NEWARK, N.J. — Less than two weeks into his first term, the new mayor of Hoboken is locked in a tug of war with the nation’s third-largest transit system over a parcel of land on the city’s picturesque waterfront.
Whether the three-acre plot will be used as a ferry maintenance terminal or a public park will depend on how New Jersey Transit votes this week.
A vote was scheduled to be taken on Wednesday, but not enough board members were in attendance to reach a quorum of four. The agency attributed it to “an urgent personal matter that had to be attended to” but didn’t give specifics.
An NJ Transit spokeswoman didn’t know the last time a board meeting had been postponed in similar fashion. The agency said it would hold the meeting on Friday.
Hoboken Mayor Ravinder Bhalla, who attended Wednesday’s meeting along with several supporters, called the lack of a vote a temporary victory. He called NJ Transit’s plan “rushed and ill-conceived” and said other locations along the Hudson River could be used for the facility.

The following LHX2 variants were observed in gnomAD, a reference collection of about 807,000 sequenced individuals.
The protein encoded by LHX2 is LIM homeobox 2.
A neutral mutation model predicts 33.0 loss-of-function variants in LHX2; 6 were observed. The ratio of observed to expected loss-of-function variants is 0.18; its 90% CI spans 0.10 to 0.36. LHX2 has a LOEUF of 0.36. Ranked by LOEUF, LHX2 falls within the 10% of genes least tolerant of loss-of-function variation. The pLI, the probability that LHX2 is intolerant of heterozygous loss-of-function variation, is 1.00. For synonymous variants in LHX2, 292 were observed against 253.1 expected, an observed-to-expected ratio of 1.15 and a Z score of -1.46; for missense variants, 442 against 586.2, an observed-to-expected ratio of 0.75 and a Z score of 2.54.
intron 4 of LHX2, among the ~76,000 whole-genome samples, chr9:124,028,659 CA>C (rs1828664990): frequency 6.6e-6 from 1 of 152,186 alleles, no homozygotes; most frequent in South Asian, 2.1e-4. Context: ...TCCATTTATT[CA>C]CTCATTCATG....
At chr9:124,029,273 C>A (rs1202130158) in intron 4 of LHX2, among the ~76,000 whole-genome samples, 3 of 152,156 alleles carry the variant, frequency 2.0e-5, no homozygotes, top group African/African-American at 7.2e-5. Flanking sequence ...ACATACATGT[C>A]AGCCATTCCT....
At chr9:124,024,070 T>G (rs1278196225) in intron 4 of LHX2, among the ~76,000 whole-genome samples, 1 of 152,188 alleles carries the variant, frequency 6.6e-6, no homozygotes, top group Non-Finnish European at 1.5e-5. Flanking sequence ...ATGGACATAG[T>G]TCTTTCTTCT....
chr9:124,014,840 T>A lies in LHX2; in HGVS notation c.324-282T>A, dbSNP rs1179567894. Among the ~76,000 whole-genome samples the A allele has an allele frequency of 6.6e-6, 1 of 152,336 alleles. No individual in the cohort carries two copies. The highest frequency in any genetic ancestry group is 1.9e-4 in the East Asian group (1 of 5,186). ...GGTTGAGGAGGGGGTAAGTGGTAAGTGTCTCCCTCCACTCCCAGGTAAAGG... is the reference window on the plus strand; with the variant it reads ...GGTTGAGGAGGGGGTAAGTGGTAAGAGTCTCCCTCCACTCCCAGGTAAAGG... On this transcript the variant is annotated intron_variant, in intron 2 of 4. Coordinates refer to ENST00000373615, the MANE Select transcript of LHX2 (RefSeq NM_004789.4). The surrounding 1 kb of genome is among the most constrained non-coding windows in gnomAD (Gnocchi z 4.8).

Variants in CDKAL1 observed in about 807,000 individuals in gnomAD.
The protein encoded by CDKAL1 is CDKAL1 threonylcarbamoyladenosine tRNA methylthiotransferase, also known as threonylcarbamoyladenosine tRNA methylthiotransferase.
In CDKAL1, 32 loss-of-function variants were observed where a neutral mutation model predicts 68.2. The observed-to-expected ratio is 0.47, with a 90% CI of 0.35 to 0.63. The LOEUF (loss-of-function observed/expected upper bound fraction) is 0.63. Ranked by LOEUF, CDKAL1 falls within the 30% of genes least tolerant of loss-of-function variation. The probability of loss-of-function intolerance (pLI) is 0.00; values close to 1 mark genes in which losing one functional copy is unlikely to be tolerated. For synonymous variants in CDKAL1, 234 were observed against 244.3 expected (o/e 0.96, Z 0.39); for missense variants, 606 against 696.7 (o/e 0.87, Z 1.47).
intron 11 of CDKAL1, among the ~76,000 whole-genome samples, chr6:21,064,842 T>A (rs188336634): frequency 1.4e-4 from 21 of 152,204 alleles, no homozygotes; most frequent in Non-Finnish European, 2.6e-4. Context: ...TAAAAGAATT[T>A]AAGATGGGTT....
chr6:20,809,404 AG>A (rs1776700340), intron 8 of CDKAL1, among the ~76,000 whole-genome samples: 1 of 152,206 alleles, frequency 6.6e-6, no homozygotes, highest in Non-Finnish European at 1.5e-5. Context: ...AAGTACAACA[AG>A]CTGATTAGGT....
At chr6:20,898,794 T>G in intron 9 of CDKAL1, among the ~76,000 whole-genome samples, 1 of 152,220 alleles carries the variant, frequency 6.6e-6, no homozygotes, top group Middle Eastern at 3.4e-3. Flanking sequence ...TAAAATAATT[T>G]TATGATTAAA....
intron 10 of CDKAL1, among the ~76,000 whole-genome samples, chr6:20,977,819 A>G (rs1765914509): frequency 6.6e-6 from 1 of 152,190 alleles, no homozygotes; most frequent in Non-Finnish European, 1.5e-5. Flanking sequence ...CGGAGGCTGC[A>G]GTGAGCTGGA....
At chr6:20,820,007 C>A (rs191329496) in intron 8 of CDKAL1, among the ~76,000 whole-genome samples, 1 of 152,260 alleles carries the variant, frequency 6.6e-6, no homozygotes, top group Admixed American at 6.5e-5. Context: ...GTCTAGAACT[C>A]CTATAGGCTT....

Bhalla wants to use the land to extend Hoboken’s waterfront park. The city is prepared to take the property by eminent domain if necessary. That wouldn’t be possible if the state, through NJ Transit, purchases it.
“I pledge to use every resource at my disposal to protect Hoboken’s interests,” Bhalla said.
NY Waterway, a private company that operates cross-Hudson River ferries from points along the New Jersey waterfront, purchased the site, which has operated as a marine maintenance facility for more than century, last year.
Waterway spokesman Pat Smith said Wednesday the company expects to pay NJ Transit a lease “in the six figures” if NJ Transit purchases the site, plus make approximately $10 million in improvements.
Expanded ferry service is seen as an important component in the region’s transportation planning, as rail and bus commuting has become increasingly plagued by aging, problem-prone infrastructure.